Now we know which are the most used search phrases for a house like Tansy's. What we now want to know is how competitive each phrase is. We can't beat the rental listing sites on Google for the most competitive phrases, we need to optimise each page for 2-3 phrases that are less commonly optimised for. These phrases will bring fewer visitors than the most popular phrases might (if we we could get on page 1 of Google), but they will still bring in some traffic.

How to do this? One way is to use the paid version of Wordtracker. This gives you an index of a phrase's competitivess by looking at how many times it is used, as against how many results are returned for it. It's called KEI (Keyword Effectiveness Index), and its effectiveness is questionable.

Another way of doing this is to see how many webpages are optimised for a phrase. If someone is optimising a page for a particular phrase they will use that phrase in the Title too. We can do a Google query which says: show me the pages that have a particular phrase in their Title. This is what you type into Google for the example of 'normandy beach rental':

allintitle:"normandy beach rental"

This will return all pages that have that phrase in their title, even if it is 'Normandy beach, a holiday rental for you'.

The number for that query is 3. That means it looks like only 3 other webpages are optimised for this phrase. That makes it a very uncompetitive phrase, and it may be possible to be on page 1 of Google for this phrase. I say 'may' because there are plenty of pages that will include this phrase without being deliberately optimised for it, and if they are on popular, well-linked sites, they will be hard to beat. So this allintitle search is just an indication.

Below is each of our phrases with number of searches in a week in column 1, then the number of web pages with that phrase in their title in column 2. In the third column is column 1 divided by column 2 - the number of times the phrase was used in searches in the week, divided by the number of competitor sites. This gives us an index of which phrases are the most useful to us.



What, if anything, do these figures mean? Well, in theory the higher the number in the right hand column, the more attractive that phrase is. Where there is an 'x', that is because the number of Titles optimised is zero, which would result in infinity as the answer to the sum.

As we would expect, the phrase 'normandy vacation rentals' is totally unattractive, it is optimised by 127 pages and has a rating of 0.04. On the other hand, 'normandy rentals' and 'normandy beach rentals' look good.

You also have to use a bit of judgement with these results. Some phrases are not necessarily looking for holiday rental accommodation: 'bayeux houses' has a high rating, but are people typing this into Google perhaps looking for a house to buy? Or pictures of Bayeux architecture?

And some of the phrases are better than others because people using them will be better qualified for Tansy's house. For instance, 'bayeux houses' - Tansy's house is near Bayeux, but not in it, so that's only good for people who might consider being close to where they want to be. On the other hand, 'normandy beach rental' is extremely well qualified - Tansy's house is right on the beach and will be a serious contender for anyone typing this into a search engine.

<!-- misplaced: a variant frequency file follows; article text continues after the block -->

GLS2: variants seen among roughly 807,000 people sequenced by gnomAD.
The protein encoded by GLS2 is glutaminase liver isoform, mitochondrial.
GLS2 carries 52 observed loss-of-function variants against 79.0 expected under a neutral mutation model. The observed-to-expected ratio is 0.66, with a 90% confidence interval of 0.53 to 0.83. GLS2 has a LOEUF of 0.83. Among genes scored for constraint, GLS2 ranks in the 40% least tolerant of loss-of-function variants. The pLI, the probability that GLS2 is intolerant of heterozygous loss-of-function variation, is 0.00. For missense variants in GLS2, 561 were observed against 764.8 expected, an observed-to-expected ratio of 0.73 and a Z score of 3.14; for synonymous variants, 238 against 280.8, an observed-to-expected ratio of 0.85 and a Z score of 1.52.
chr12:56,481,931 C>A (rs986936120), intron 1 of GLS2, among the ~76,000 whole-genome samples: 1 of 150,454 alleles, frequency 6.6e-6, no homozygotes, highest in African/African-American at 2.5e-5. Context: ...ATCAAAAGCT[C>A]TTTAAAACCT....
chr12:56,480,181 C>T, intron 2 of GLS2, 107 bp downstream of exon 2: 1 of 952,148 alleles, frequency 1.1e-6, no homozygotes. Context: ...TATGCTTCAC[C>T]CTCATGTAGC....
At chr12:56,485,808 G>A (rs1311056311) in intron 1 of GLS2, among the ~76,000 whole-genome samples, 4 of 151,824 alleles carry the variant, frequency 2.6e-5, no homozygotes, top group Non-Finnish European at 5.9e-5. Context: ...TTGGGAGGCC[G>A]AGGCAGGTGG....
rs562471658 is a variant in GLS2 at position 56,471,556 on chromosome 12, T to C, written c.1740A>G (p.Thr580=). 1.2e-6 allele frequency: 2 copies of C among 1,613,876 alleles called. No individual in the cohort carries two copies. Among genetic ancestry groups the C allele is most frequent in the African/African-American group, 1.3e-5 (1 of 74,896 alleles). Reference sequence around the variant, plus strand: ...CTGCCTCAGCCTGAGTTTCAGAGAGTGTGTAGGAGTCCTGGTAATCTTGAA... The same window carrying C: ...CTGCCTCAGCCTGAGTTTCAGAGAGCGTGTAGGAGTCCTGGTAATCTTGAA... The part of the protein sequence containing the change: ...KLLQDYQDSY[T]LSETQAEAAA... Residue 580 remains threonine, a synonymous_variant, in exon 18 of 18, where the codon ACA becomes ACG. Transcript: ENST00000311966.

Is anybody still reading this? Are you still breathing? If so, let me know what you think of this method. It is rather involved and longwinded for a rental owner's site, but it does, I think, give an accurate picture of what Tansy's potential renters are up to.

Of course as I have made this up myself, it could be deeply flawed - let me know about that too.

And what phrases do you think we should be optimising Tansy's pages for? She will have about 3-4 optimisable pages, and 1-3 phrases per page.
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livinginitaly



Joined: 29 Oct 2004
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Location: Italy (at last!)

PostPosted: Wed Feb 23, 2005 1:15 am    Post subject: Reply with quote

Wow!

I havn't exactly taken it all in as yet ..... but lets just say i'm 'suitably impressed' Wink

Excellent research Paolo, it's certainly given me something to think about regarding how I select my own 'keywords'.
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vrooje



Joined: 09 Dec 2004
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Location: Burgundy, France

PostPosted: Wed Feb 23, 2005 1:52 am    Post subject: Reply with quote

I'm in awe.




I worship the keyword master.




Seriously, that's fantastic! Someday when I have the ages and ages you must have spent on this, I will do this for my own site! I love its analytical nature. Presumably the phrases where col/col2 diverge are either really good or really bad; I just love this numerical way of looking at things!

(I'm an astrophysicist, could anyone tell? Cool )
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tansy



Joined: 20 Sep 2004
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Location: La Manche, Normandy, France

PostPosted: Wed Feb 23, 2005 5:27 pm    Post subject: Reply with quote

Ummmm...so we think normandybeachrental is quite good then?
Wink

Thank you Paolo - I knew you were thorough, but boy oh boy!

The Bayeux thoughts are interesting...I think folk go for the tapestry & the British Cemetery..we are near so we "could" pick up someone who is researching the area...